WESTFIELD, NJ — With revenue sources anticipated to decline as a result of coronavirus, the town has had to reduce spending on capital projects and dip into a portion of its surplus this year, officials said.
The town council on Tuesday introduced a $46.085 million municipal budget that increases annual property taxes paid to the local government by $55 on the home assessed at the town’s average value, according to Town Administrator Jim Gildea.
The owner of a home assessed at the town’s average value of $795,159 is anticipated to pay $2,751.25 in municipal taxes based on a municipal tax rate of $0.346 per $100 of assessed valuation, according to Gildea. Council members approved the spending plan 8-1.
“It reflects a lot of revenue uncertainty stemming from unknown tax collection rates and lost revenue from sources like parking, courts, construction, investments and the pool,” said Mayor Shelley Brindle. “We have cut our expenses significantly and have a list of additional expenses that we are prepared to cut if receipts come in lower than anticipated.”
The spending plan shows money from municipal court fines and fees reduced by $227,000, building department fees going down by $430,000 and parking fees from meters and pay stations anticipated to be reduced by $425,000, according to a budget presentation. The 2020 budget uses $4.5 million of the town’s surplus and leaves a surplus of balance remaining of about $7 million.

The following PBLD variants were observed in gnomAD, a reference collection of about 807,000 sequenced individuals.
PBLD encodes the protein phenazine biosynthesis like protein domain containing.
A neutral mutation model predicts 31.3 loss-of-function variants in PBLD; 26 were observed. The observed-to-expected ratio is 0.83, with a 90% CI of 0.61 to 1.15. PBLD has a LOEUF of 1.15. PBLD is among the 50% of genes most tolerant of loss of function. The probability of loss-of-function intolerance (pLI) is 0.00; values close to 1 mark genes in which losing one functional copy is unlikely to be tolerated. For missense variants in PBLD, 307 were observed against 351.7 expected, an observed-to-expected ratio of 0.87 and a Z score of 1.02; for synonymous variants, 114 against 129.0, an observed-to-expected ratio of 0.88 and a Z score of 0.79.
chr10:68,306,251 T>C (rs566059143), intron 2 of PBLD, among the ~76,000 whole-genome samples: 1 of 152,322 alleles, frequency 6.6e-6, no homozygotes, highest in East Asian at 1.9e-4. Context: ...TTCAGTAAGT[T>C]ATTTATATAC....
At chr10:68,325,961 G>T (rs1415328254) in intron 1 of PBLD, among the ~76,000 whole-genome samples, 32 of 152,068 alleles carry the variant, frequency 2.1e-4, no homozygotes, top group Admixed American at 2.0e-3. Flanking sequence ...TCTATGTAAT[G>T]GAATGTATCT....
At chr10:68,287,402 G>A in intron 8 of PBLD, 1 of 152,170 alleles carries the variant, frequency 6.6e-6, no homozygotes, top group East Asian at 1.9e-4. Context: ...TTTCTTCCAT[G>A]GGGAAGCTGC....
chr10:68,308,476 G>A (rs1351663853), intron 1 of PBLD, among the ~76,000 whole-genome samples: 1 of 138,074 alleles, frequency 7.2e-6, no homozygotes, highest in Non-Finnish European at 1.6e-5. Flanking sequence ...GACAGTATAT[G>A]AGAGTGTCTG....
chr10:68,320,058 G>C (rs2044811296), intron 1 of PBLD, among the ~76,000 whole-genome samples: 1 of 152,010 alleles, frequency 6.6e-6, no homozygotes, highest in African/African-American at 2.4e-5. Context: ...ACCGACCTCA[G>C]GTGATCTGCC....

MORE: Westfield Taxpayers get More Time to Pay. But Town Still Has Bills.
“We have a very strong surplus and that will definitely provide us with some insurance and the ability to deal with problems that continue to get thrown at us,” said Councilwoman Linda Habgood, who chairs the finance policy committee.
The town, she said, does not know what federal aid it will receive as a result of the pandemic.
Gildea said the Westfield is looking at a tax levy increase of 1.95% and that it has reduced projected spending on overtime in all the departments. There will be no service cuts, layoff or furloughs as a result of the budget, he said.
“Compared to a lot of other communities, we’re in very good shape getting through this pandemic and reserving $7.1 million going into 2021,” Gildea said.
A public hearing on the budget is scheduled for May 26.
Officials said the town reduced spending on capital improvements by 93% or $1.2 million by eliminating or deferring equipment purchases.
Councilman Mark LoGrippo cast the lone dissenting vote, sparking objections from other council members.
“I would feel more comfortable with more of a surplus and doing more of the capital improvements that we’ve talked about,” said LoGrippo, the only Republican on the council.
He said the town has been “living beyond its means” while spending more and taking in less in the past few years.
Brindle said the surplus is one that surpasses that of other towns.
“We are a vibrant and growing town that needs invest in bold strategies for the future,” Brindle said
The partisan vote on the budget marked a similarity to last year's in which then Republican Councilwoman JoAnn Neylan cast the lone dissenting vote against the budget.
“I guess somebody has to pick up that mantle on your side,” Brindle told LoGrippo.
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